U.S. stocks advanced on Tuesday on gains in the industrial and technology sectors and after U.S. existing homes sales fell less than expected in February.
Existing home sales fell to an annual rate of 5.02 million units in February, the National Association of Realtors said. The decline was less than forecast, but highlighted the fragility of a housing recovery.
Its incremental good news that it was better than expected, but given the huge overhang of inventory, it's clear that housing will remain a troubled sector for a while, said Jack Ablin, chief investment officer at Harris Private Bank in Chicago.
The Dow Jones U.S. home construction index <.DJUSHB> fell 0.5 percent, while builder KB Home
The Dow Jones industrial average <.DJI> jumped 50.87 points, or 0.47 percent, at 10,837.06. The Standard & Poor's 500 Index <.SPX> was up 2.88 points, or 0.25 percent, at 1,168.69. The Nasdaq Composite Index <.IXIC> rose 7.38 points, or 0.31 percent, at 2,402.69.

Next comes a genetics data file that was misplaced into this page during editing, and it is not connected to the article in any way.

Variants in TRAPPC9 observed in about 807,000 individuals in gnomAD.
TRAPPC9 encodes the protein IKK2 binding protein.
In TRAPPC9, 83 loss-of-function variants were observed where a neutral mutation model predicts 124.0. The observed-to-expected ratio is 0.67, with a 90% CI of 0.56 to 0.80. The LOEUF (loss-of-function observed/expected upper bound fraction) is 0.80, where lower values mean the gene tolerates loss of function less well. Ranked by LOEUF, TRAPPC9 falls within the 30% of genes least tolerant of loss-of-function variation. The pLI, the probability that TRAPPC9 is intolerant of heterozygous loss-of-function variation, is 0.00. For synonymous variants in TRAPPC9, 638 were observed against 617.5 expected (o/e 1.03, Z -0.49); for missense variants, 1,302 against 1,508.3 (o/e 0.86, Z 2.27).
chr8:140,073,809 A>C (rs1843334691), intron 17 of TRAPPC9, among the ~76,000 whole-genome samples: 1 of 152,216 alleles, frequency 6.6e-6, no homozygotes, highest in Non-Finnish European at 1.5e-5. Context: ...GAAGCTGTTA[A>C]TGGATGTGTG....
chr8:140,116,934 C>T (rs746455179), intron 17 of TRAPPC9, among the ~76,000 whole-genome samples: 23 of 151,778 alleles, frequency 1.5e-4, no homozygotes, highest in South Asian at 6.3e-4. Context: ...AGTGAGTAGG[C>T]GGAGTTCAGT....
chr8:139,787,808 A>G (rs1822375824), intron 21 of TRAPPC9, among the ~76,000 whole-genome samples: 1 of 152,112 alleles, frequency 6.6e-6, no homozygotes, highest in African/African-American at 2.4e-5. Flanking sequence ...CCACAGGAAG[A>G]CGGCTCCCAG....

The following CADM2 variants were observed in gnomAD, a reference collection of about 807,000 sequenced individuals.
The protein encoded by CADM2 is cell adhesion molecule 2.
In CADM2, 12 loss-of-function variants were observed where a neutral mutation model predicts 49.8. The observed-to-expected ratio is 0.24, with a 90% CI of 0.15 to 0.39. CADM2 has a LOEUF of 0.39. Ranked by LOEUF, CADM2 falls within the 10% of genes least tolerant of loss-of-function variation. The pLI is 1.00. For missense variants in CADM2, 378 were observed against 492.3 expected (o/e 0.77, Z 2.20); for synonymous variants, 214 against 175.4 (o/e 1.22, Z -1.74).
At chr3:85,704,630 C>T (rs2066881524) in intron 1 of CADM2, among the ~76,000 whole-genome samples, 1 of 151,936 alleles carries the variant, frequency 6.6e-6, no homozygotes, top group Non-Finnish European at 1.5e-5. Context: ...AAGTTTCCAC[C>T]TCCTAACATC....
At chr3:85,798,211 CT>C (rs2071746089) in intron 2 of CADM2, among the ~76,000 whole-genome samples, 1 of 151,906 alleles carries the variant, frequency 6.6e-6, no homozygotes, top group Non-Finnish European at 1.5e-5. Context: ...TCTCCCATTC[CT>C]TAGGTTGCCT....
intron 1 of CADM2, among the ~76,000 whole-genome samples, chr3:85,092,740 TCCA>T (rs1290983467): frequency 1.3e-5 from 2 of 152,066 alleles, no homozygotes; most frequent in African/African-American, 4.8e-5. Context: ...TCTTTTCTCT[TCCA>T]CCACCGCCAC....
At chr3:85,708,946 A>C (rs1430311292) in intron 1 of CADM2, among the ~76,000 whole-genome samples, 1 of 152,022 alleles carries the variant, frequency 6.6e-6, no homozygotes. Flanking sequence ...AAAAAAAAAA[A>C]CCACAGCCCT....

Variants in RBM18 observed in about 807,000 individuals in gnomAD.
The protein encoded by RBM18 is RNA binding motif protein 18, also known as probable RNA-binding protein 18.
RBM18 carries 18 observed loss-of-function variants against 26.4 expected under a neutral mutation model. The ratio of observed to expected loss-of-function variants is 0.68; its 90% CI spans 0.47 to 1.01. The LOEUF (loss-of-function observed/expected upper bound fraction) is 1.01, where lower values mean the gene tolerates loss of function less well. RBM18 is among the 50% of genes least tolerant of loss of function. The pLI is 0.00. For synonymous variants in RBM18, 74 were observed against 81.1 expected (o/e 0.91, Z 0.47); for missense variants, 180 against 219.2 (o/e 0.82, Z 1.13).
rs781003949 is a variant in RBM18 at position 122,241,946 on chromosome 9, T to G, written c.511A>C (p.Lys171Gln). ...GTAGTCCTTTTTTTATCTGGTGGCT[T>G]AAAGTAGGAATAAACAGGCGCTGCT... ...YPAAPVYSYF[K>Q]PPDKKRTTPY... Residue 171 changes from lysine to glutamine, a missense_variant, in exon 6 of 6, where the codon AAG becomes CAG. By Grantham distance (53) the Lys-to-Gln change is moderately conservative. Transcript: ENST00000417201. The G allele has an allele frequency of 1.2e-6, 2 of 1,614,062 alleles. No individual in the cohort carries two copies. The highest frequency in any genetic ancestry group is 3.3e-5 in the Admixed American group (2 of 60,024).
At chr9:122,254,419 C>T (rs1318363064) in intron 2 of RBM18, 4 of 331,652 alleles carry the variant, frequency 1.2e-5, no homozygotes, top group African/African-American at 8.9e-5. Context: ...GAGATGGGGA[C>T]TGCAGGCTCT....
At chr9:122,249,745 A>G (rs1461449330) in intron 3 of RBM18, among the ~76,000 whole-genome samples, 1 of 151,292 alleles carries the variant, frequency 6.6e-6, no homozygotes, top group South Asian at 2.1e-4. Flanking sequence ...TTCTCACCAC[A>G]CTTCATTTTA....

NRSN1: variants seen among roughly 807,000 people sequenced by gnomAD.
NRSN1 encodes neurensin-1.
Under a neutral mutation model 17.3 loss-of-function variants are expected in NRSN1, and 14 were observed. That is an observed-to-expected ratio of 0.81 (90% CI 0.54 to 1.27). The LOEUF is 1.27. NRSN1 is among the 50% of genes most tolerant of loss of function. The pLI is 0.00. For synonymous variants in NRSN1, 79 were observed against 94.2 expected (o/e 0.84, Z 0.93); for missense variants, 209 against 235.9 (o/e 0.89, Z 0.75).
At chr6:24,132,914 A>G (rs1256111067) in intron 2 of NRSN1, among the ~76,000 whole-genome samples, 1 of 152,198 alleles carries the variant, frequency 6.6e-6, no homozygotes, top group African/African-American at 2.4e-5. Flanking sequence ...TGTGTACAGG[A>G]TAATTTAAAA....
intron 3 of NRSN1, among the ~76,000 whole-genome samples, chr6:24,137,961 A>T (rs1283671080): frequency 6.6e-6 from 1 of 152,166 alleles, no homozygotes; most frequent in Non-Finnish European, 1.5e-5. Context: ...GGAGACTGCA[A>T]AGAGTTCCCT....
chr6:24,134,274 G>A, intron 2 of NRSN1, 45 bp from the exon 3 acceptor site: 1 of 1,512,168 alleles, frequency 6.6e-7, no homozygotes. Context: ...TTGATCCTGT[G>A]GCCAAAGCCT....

If the Nasdaq ends above the 2,400 mark on Tuesday, it will be its first close above that level since late August 2008.
Strength in the Nasdaq came from semiconductor stocks, with the Philadelphia semiconductor index <.SOXX> up 1.6 percent. Intel Corp
Upward momentum has returned to the markets, so investors are gravitating to the sectors that have been working and should continue to work, Ablin said.
Healthcare stocks lagged, giving back some gains from Monday. U.S. President Barack Obama signed into law the landmark healthcare reform bill on Tuesday.
The Morgan Stanley Healthcare Payor index <.HMO> dropped 0.6 percent, and Cigna Corp
U.S.-listed shares of Baidu Inc
(Editing by Jeffrey Benkoe)